Click to Skip Ad
Closing in...
  1. Galaxy Star Projector Amazon
    09:43 Deals

    This awesome $32 gadget went viral on TikTok and now Amazon shoppers are obsessed

  2. Best Exercise Machines
    13:17 Deals

    5 exercise machines on Amazon under $250 to build the home gym of your dreams

  3. Best Kitchen Gadgets
    08:33 Deals

    Amazon shoppers are obsessed with this $23 gadget that should be in every kitchen

  4. Amazon Gift Card
    07:58 Deals

    $25 in free Amazon credit beats any Prime Day deal – here’s how to get it

  5. How To Save Money On Your Cable Bill
    15:37 Deals

    Your cable company is furious that we’re telling you about this $59 box on Amazon




New laws could make posting memes a punishable offense because nobody has a sense of humor anymore

June 21st, 2018 at 12:07 PM
meme copyright law

Memes currently make up about 96% of the entire internet. Okay, that was a mild exaggeration, but it’s pretty obvious how much meme culture has grown in recent years. You can’t visit Facebook, Twitter, Reddit, or just about anywhere else without seeing silly viral images and videos, but European lawmakers are hoping to change that.

As Business Insider reports, Article 13 of the new EU Copyright Directive has been approved, and it could have a huge impact on the amount of potentially copyright-infringing content you see on sites like Reddit, Twitter, and Facebook. We may be seeing the death of the meme right before our very eyes.

Article 13 is designed to force sites to crack down on user-submitted content that uses copyrighted work. The vast majority of memes are slightly modified versions of photos, screenshots, or videos of some kind of copyright content.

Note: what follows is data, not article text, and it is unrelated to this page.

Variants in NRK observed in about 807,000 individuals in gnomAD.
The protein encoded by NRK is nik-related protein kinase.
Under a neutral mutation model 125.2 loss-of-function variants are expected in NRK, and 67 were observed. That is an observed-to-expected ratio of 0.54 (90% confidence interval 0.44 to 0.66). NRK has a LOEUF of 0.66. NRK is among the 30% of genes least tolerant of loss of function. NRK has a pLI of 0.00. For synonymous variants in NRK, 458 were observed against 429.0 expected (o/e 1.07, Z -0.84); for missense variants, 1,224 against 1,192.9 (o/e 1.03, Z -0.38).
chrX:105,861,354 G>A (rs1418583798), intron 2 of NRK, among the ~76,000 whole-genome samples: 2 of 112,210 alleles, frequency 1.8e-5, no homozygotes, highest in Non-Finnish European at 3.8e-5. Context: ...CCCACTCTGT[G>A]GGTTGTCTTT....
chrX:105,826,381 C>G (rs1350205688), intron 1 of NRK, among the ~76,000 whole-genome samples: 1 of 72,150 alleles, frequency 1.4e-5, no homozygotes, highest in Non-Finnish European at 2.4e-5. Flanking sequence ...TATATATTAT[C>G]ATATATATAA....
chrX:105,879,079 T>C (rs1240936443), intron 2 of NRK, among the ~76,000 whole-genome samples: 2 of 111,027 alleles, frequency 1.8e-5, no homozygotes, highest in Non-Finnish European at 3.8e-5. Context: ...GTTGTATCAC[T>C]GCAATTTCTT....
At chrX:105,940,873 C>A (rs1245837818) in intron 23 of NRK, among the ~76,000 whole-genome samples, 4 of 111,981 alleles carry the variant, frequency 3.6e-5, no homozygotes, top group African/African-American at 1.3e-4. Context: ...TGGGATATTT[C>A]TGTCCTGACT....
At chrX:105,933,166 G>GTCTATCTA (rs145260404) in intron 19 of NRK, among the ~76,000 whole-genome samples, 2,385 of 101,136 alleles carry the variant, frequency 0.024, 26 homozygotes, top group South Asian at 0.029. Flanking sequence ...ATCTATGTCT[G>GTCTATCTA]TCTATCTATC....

A GIF or image pulled from a TV show, movie, or sports broadcast is technically violating copyright laws, but those who post them rarely face any kind of backlash. Article 13 requires websites to build tools to identify this kind of content and automatically axe it, which could kill many memes before they even have a chance to catch on.

While sites like Facebook and Twitter have typically been pretty lax at cracking down on copyrighted material, YouTube has gone in the opposite direction. It’s possible to get content pulled from YouTube just by claiming it’s yours, and the site has gotten heat from many content creators for deleting videos that didn’t actually violate any copyright laws or fall into a gray area that is hard to define.

If Article 13 continues its march and become law, some of the internet’s most popular sites could become a tangled mess of sketchy copyright claims, account suspensions, and lots and lots of drama.

That’s the worst case scenario, of course, as the language of the would-be law seems to hedge its requirements on the platform owner having an agreement with whoever owns the specific copyright in question. It’s entirely possible that, even if Article 13 lands in the books, many copyright holders will simply turn a blind eye and let the memes flow, but that’s a big “maybe.”

Mike Wehner has reported on technology and video games for the past decade, covering breaking news and trends in VR, wearables, smartphones, and future tech.

Most recently, Mike served as Tech Editor at The Daily Dot, and has been featured in USA Today, Time.com, and countless other web and print outlets. His love of reporting is second only to his gaming addiction.




Popular News